Leveraging the Cerner EHR for SEHA’s acute kidney injury project
Dr. Siddiq Anwar, Consultant Physician, Sheikh Shakhbout Medical City (SSMC), Abu Dhabi
“We are thankful to SEHA IT team and for the support of Cerner team for developing the innovative digital tools to improve renal care”
Sheikh Shakhbout Medical City (SSMC) has recently launched an electronic Continuous Renal Replacement Therapy (CRRT) prescription to streamline practices that will help improve filter running times, enhance delivered CRRT doses and reduce inventory costs. “Hospitals” magazine recently interviewed Dr. Siddiq Anwar, Consultant Physician, Sheikh Shakhbout Medical City (SSMC), Abu Dhabi, United Arab Emirates, who said: “We are thankful to the SEHA IT team with the support of the Cerner team, for being involved in planning, building, and testing all the digital tools we have developed over the last four years to improve renal care”.
Acute kidney Injury (AKI) is common in the intensive care unit (ICU), where it is associated with increased mortality; how did this project come to life, and how does it benefit patients?
AKI affects up to 30% of all ICU admissions. In addition to the development of AKI in patients admitted to critical care units, mortality rises up to 50-80% in ICUs. Furthermore, renal-replacement-therapy (RRT)-dependent AKI is associated with a substantial health economic burden. Continuous renal replacement therapy (CRRT) is a predominant form of treatment used in the ICU due to its accurate volume control, steady acid-base and electrolyte correction, and achievement of hemodynamic stability. Optimizing filter life and performance efficiency in CRRT will help improve both health care and financial outcomes associated with this therapy.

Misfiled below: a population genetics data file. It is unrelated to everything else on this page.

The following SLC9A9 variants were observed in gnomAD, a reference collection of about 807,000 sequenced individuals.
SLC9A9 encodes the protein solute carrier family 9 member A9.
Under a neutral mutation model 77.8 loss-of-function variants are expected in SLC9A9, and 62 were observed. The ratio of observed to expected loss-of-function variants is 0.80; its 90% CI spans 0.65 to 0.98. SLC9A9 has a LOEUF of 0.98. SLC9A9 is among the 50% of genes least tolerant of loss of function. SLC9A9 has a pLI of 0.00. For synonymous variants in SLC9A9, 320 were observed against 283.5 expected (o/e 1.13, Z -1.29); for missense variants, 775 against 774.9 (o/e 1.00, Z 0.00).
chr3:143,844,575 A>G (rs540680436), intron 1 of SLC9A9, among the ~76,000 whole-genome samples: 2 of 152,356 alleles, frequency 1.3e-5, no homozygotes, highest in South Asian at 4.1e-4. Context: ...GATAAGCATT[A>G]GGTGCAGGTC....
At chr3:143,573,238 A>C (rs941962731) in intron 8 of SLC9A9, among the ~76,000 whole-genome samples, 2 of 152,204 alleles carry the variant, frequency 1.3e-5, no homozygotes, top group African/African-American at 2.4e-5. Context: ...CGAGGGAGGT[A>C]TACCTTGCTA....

We have recently launched an electronic CRRT prescription in SSMC to streamline practices that will help improve filter running times, enhance delivered CRRT doses and reduce inventory costs. The aim is to eliminate clinically unwarranted waste, unnecessary variation in practices, and any defects in our care of patients with an ultimate goal of having lean health care systems and improved outcomes while keeping patients’ best interests in mind.
How do you think the EHR can offer an integrated high-quality service to hospitalized AKI patients?
In-hospital AKI is now considered a patient safety thermometer and marker of inpatient care. Hence the National Health Service (NHS) in the UK mandates the reporting of in-hospital AKI to the UK Renal Registry.
Early identification of actual and potential warning stage test results of AKI helps front-line workers make early interventions to prevent further deterioration.
In addition, the development of clinical decision support tools, like hyperkalemia management order sets, will help a non-expert promptly initiate the initial management, improving patient outcomes.
At a macro level, studying the AKI data from in-hospital AKI longitudinally will help health care organizations tailor their renal services to support areas of need. This includes supporting outlier areas with extra support in terms of education and resources to help improve health care outcomes.
How can this system reduce the mortality rate due to AKI in intensive care?